• God is gracious. He is compassionate, slow to anger, abounding in love, and full of mercy. Today, God will receive the worship of those who turn from their wrong paths towards Him. As we bow before God, not doubting the power of repentance, He will show us the grace of the cross. He will grant us true freedom.


<Conclusion>

  • Whether my relationship with God is hot or cold is something only God and I can know.

A certain pastor once said: “When you feel a lack of love, we must go to God. Love does not come from within us but from God.” Love starts with God. To experience that love, we must approach God daily. Restoring our first love is not achieved through intense emotions or dutiful zeal. It is only by remembering daily the price God paid to save us. This is how we live without forgetting our first love.


  • In our church’s discipleship training, the first process is the ‘Start up’ training. After completing it, there comes a moment to make a decision of faith: Rejoice, Receive, Recommit, Research, Reject. For those who have chosen Rejoice and Receive, may your knowledge of God and fellowship with Him grow richer.


  • There are also those who have chosen Recommit. Please pray for those who have made this great decision. The time of recommitment is essential in our faith journey because everyone experiences ups and downs. There may be moments when our sense of ownership in life wavers. Our lives do not stop at a single recommitment. Whenever our faith wavers or we become distant, we must turn back and recommit ourselves to God. Let today be that day.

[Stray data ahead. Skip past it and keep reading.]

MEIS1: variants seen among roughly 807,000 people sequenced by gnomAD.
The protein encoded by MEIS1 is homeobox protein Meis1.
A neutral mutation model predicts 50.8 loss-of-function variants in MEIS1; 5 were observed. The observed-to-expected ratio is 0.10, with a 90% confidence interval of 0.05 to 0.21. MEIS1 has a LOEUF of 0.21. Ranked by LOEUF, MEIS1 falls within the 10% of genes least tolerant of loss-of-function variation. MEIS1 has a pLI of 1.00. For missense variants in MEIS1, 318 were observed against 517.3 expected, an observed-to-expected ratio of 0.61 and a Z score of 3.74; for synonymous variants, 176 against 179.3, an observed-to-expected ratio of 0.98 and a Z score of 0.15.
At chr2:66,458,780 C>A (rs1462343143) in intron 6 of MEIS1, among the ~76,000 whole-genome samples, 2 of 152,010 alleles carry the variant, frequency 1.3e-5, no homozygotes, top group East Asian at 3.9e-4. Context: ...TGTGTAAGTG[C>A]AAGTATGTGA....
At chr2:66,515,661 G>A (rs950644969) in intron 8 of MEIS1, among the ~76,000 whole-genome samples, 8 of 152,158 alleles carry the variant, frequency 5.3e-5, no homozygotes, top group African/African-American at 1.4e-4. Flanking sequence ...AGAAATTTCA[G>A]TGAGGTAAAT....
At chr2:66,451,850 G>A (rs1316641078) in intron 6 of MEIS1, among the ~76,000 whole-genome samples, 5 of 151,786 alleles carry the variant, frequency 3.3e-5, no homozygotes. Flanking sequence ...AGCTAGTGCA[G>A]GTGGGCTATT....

To build an intimate relationship with God, we need to know Him more.

Revelation 2:7 (NIV):

7 Whoever has ears, let them hear what the Spirit says to the churches. To the one who is victorious, I will give the right to eat from the tree of life, which is in the paradise of God.


  • Approach the Word and prayer. Do so not out of obligation or responsibility, but through God’s unconditional love and freely given grace towards us. Then, God’s Word will come to you not just as text, but as a voice of grace. His Word will comfort you and reveal the purpose you should live by. Open the door to repentance through prayer. You will hear the voice of the Holy Spirit speaking to you. Within that, you will enjoy the grace of the cross. In the midst of intimate fellowship with God, He will receive your worship.